The Thing About Spelling

Some people equate spelling with morality. Good spellers, good people. The sheeps and goats in the New Testament? Good and bad spellers. Spelling’s importance is a topic capable of producing more heat than Adrian Peterson’s parenting, Scottish independence, and Hilary Clinton’s presidential campaign.

Parents worry incessantly that their children are destined to always be poor spellers. What kind of lives will they live? Will people whisper about us? Heaven help children with dyslexia.

This week the New York Times ran this lead front and center on their website, “A geneticist wins a prestigious Albert and Mary Lasker Foundation award and uses the spotlight to all for much wider genetic screening for breast and ovarian cancer.” Technically that’s a typo, but the Spelling Police don’t distinguish. The Spelling Police LOVE reading things like that. It gives them a purpose for being. And makes them feel superior. “Know that I am among those that can spell.” They despise any variance from what they deem to be “writing conventions”. Like when people start sentences with “And”.

Before determining if spelling is a life or death matter, we have to distinguish between drafts and final copies. Most of what we write and read, like electronic messages, are drafts. In fact, where does the constantly updating front page of the New York Times fall on that continuum? Irregardless, many would read that lead and think less of The Grey Lady. I would too if it happened with any regularity, but it doesn’t. Doesn’t matter, short of perfection, the Spelling Police pounce. If only they’d save their righteous indignation for final drafts.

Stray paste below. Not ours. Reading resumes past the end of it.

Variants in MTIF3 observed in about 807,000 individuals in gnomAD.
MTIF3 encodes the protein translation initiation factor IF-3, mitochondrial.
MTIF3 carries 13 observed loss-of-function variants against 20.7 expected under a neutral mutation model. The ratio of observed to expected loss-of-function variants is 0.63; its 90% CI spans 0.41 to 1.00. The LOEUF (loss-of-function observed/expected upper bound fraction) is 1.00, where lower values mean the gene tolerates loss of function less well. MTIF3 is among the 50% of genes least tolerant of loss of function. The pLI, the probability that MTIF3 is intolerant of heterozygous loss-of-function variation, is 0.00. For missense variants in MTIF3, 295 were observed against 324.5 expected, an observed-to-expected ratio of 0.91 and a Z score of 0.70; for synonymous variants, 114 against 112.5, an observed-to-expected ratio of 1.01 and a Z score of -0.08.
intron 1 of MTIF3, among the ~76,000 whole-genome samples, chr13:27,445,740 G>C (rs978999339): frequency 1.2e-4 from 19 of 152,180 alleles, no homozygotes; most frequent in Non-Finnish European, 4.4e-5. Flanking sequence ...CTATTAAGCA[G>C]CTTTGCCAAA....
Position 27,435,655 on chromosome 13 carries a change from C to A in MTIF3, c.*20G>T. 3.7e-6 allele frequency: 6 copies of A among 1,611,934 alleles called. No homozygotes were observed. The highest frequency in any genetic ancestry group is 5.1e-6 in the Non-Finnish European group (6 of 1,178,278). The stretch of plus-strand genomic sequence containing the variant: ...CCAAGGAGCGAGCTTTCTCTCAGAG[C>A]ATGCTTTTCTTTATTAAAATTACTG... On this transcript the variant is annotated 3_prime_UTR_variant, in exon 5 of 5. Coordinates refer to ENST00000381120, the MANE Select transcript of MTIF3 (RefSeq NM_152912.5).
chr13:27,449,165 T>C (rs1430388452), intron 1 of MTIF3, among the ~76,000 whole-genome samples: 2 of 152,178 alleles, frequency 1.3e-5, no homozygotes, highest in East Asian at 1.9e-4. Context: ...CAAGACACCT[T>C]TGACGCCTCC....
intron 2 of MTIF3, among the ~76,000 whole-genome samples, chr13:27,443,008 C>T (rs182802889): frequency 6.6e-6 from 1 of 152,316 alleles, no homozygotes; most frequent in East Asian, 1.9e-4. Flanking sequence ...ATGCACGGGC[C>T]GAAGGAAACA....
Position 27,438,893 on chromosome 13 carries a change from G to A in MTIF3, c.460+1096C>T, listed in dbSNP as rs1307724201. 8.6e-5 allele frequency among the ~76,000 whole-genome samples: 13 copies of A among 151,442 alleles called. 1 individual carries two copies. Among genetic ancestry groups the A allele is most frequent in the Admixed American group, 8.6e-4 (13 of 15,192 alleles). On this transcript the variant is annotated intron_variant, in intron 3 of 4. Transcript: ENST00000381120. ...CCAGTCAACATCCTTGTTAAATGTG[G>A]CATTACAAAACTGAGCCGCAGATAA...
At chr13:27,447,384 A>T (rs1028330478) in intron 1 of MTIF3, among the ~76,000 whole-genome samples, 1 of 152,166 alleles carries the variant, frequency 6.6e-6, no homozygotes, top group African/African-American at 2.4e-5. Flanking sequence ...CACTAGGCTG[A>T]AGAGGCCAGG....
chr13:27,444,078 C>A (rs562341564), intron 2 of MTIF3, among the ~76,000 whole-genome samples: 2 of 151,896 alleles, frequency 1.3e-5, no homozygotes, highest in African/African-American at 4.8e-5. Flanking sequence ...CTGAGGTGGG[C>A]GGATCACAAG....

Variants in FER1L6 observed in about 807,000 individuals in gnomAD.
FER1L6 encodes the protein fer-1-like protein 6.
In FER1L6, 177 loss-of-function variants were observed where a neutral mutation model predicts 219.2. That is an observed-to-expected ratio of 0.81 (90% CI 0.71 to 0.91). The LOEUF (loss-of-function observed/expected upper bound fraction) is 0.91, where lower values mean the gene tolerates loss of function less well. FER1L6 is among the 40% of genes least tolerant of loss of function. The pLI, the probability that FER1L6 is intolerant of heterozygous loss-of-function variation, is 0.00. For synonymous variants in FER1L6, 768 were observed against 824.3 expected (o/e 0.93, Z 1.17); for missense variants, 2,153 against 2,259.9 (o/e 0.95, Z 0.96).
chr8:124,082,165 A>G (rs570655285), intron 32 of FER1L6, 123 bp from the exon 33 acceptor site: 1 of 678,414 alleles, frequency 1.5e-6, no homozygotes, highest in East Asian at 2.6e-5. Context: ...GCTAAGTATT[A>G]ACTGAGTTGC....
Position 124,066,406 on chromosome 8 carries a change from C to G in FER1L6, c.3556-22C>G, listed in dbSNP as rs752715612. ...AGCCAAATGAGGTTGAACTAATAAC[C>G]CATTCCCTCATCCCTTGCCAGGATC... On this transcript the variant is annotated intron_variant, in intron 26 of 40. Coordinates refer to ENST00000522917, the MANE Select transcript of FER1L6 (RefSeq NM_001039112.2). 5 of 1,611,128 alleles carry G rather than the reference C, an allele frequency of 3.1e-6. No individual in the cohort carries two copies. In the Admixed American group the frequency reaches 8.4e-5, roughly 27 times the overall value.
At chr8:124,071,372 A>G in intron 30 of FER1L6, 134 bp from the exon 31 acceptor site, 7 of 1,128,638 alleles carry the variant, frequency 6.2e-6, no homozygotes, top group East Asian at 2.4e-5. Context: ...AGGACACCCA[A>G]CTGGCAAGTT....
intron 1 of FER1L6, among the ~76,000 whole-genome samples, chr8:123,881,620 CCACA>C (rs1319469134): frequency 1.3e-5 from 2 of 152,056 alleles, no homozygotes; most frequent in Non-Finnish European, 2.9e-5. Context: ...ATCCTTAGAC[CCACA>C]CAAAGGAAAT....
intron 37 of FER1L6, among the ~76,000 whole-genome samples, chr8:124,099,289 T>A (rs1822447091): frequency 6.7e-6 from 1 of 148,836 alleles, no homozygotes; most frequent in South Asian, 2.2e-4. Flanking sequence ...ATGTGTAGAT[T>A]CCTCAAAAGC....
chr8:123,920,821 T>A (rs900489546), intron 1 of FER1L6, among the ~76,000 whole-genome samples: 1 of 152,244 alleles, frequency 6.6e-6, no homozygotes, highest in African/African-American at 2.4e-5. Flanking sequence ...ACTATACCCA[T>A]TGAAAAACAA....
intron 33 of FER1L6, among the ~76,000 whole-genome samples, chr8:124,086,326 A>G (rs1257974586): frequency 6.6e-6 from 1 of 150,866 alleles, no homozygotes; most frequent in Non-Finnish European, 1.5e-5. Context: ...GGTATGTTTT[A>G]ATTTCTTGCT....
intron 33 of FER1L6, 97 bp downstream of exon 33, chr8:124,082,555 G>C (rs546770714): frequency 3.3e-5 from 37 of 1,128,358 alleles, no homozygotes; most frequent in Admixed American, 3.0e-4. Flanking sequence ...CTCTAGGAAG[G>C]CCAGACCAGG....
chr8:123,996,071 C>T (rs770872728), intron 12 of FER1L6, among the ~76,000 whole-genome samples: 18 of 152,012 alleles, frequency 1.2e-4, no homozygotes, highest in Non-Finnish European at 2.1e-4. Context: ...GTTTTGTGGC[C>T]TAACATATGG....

Like teachers’ letters to parents. Nothing gets the Spelling Police more fired up than teachers’ letters to parents. Full. Riot. Gear. Misspell a word, lose your life right to teach my child ever again.

I’m not advocating for laissez faire (damn, got that right on the first try) creative spelling. Instead of seeing every spelling error as an opportunity to assert their spelling prowess, maybe the Spelling Police could take a second or two to consider whether the error is part of a larger pattern or not. If not, maybe you could try the impossible. Letting that one error on the third grade paper go, or the one in the newspaper, or heaven help us, the one in the parent letter.

Sometimes, okay, a lot of the times, I amaze myself—fore hundred and six words and not a single mispelling.

 

 

 

The Great Marriage Divide

The GalPal and I enjoyed a fun-filled 25th anniversary last Wednesday. We celebrated by bicycling the Burke-Gilman trail in Seattle, kayaked on Lake Union, took in the King Tut Exhibit, ate at the China Outpost as directed by the Principal, and swam in Lake Washington. More fun than a couple should be allowed to have in one day. Congratulations to my best friend for putting up with me for a quarter cent.

Speaking of marriage, sobering sociology compliments of the New York Times.

Primary point—Across Middle America, single motherhood has moved from an anomaly to a norm with head-turning speed.

Key excerpts: